The promise of the Common Core included not just multi-state standards but also multi-state assessments, but just 21 states are currently still participating in the two assessment “consortia.”

The New Education Philanthropy

A new book from Harvard Education Press aims to launch an honest and open discussion about effective strategies for foundations.

ESEA and the Return of a Well-Rounded Curriculum

The sooner schools see building knowledge across the curriculum as Job One in strengthening reading comprehension, the better.

Straight-Up Conversation: DCPS Chancellor Kaya Henderson

D.C. Public Schools Chancellor Kaya Henderson has just finished her fifth year in the role. I recently had the chance to chat with her about the highlights of her tenure and the evolution of school reform.

Should Your Next-Door Neighbor Assess Your Daughter’s Reading Skills?

Citizen-led assessments can be a useful tool to address common obstacles to low demand for quality education in developing countries.

By Guest blogger    Blog, Editorial, International  

States v. Districts in the Every Student Succeeds Act

The dominant narrative about ESSA is that it shifts authority over schools back to state governments. But this belies a key feature of the legislation.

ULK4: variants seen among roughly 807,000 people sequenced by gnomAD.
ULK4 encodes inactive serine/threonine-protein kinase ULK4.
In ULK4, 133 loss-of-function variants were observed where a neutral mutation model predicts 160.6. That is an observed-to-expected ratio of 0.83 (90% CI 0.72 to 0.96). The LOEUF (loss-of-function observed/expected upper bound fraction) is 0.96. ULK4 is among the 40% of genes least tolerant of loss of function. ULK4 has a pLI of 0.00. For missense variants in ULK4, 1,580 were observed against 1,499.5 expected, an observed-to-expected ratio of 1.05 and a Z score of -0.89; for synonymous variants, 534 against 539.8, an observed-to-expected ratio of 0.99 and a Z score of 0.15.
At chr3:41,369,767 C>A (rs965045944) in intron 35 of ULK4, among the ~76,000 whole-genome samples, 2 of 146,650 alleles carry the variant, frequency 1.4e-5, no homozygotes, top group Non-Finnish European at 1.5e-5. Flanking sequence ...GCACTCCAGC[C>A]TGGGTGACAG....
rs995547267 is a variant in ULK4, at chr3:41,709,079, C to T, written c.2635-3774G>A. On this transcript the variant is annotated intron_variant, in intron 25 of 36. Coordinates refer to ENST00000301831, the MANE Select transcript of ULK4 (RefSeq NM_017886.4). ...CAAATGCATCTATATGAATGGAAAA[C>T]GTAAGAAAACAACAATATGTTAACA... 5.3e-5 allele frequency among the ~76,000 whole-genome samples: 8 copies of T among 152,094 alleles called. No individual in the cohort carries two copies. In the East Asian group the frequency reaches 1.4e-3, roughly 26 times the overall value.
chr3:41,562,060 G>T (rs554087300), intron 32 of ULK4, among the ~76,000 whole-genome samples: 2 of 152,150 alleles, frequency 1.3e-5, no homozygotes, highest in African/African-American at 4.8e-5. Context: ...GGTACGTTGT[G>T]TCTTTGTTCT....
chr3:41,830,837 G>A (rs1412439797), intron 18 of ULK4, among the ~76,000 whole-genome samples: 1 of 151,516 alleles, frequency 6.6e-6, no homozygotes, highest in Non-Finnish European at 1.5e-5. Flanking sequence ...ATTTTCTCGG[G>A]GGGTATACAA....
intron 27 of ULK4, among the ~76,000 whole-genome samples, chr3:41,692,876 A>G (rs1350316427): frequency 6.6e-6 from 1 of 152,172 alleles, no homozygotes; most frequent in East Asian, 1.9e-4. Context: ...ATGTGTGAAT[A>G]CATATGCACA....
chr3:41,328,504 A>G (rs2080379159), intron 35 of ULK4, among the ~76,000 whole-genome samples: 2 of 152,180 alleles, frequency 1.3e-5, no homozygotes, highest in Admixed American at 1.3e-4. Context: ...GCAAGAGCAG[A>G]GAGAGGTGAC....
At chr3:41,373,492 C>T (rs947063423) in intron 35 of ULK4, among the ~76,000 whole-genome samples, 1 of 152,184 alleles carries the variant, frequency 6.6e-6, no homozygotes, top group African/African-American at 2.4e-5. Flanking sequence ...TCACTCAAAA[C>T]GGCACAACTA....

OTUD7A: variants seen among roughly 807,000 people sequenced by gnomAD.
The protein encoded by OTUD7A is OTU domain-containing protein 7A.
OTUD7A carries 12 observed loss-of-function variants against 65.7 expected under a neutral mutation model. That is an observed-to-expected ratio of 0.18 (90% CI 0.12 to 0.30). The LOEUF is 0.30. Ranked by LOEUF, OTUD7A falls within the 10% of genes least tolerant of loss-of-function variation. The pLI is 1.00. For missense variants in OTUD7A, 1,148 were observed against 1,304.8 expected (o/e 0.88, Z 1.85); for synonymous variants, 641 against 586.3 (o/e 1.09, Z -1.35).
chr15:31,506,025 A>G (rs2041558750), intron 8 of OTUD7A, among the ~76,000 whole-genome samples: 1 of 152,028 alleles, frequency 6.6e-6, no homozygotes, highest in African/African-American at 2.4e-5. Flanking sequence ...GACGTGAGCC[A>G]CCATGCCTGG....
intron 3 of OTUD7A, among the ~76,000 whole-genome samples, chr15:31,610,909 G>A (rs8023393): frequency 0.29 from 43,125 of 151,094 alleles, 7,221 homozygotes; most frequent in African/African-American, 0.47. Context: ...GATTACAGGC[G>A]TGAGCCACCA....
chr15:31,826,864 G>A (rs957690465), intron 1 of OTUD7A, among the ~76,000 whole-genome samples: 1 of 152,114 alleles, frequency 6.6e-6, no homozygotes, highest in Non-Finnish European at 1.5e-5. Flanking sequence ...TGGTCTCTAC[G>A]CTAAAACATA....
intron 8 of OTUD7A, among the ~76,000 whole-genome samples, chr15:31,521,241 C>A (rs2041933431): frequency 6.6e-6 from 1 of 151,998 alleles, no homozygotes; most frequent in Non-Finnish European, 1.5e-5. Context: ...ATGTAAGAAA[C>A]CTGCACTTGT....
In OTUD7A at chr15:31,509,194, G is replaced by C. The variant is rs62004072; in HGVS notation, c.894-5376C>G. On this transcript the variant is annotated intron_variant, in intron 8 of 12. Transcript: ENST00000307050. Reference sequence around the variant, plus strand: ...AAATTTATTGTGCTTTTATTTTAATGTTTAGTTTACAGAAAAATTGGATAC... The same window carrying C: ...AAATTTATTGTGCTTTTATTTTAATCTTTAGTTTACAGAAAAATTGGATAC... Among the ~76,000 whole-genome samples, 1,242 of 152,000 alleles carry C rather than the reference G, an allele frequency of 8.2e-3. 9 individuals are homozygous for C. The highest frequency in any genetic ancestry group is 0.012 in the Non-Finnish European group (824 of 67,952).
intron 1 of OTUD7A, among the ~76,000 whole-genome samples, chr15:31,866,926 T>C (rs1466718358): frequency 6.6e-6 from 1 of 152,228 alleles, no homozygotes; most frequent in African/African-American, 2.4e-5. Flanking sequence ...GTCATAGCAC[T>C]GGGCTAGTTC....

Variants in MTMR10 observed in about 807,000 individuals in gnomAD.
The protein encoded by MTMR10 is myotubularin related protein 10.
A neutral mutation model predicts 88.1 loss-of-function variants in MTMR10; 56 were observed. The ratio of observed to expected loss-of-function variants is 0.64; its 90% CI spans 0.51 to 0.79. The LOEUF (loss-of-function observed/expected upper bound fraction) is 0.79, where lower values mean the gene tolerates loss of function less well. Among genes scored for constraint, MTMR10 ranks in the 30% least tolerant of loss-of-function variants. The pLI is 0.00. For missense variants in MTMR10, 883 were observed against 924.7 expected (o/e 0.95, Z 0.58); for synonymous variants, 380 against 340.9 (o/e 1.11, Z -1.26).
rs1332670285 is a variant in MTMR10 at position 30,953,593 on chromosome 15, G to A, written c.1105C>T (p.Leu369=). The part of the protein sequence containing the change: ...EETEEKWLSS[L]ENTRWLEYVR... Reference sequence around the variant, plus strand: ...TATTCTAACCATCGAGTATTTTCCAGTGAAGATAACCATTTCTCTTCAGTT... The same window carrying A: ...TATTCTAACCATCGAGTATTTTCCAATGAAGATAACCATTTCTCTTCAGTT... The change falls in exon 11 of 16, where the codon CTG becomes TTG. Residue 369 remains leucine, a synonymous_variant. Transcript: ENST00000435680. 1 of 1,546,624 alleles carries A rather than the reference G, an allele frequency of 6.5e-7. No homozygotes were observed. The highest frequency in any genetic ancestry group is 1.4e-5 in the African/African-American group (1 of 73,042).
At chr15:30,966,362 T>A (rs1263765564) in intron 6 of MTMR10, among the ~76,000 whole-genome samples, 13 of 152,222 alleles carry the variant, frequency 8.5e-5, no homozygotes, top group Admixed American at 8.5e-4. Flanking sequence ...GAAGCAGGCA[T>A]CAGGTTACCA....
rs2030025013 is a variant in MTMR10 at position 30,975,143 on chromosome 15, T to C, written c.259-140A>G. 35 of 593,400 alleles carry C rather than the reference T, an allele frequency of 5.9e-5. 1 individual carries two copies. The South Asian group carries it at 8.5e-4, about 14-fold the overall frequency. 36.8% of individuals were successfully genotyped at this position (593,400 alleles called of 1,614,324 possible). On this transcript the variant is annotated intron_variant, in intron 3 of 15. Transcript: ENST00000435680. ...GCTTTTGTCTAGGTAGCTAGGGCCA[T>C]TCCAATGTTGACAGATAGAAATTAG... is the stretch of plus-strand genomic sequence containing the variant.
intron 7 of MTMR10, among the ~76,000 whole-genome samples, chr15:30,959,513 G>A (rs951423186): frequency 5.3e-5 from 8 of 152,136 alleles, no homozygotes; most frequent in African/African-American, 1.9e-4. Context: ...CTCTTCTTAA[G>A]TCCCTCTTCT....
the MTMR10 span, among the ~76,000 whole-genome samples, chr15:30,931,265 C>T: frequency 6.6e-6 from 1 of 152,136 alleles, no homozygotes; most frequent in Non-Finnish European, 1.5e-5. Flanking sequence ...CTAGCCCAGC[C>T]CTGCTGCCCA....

School Accountability Before, During, and After NCLB

With NCLB reauthorization taking another step forward, I’m again hearing the refrain that states won’t back away from school accountability when they’re not forced to by the feds.

Blame Woodrow Wilson for Americans’ Lack of Historical Literacy

One hundred years ago, the Wilson administration put the clout of the federal government behind a new curricular development – social studies.

Non-Cognitive Measures Not Ready for Accountability

Non-cog or character skills are incredibly important but if we are going to use these and other ideas to improve education, we are going to need a significant shift toward funding research and greater patience to bring those ideas to fruition.

Accountability and the Every Student Succeeds Act

If your primary interest is in getting Uncle Sam to back off of America’s schools, you can start to prepare the Mission Accomplished banner. If your primary interest is in great K-12 accountability systems, you can’t direct your attention to state superintendents and state boards of education fast enough.

Common Core Not Dead Yet

Aided by a highly misleading New York Times article, the anti-Common Core crowd is pushing the narrative that Massachusetts’s recent testing decision spells the end for the common standards effort.

Has Common Core Influenced Instruction?

Advocates of the Common Core hope that the standards will eventually produce long term positive effects as educators learn how to use them. That’s a reasonable hypothesis. But it should now be apparent that a counter-hypothesis has equal standing: any positive effect of adopting Common Core may have already occurred.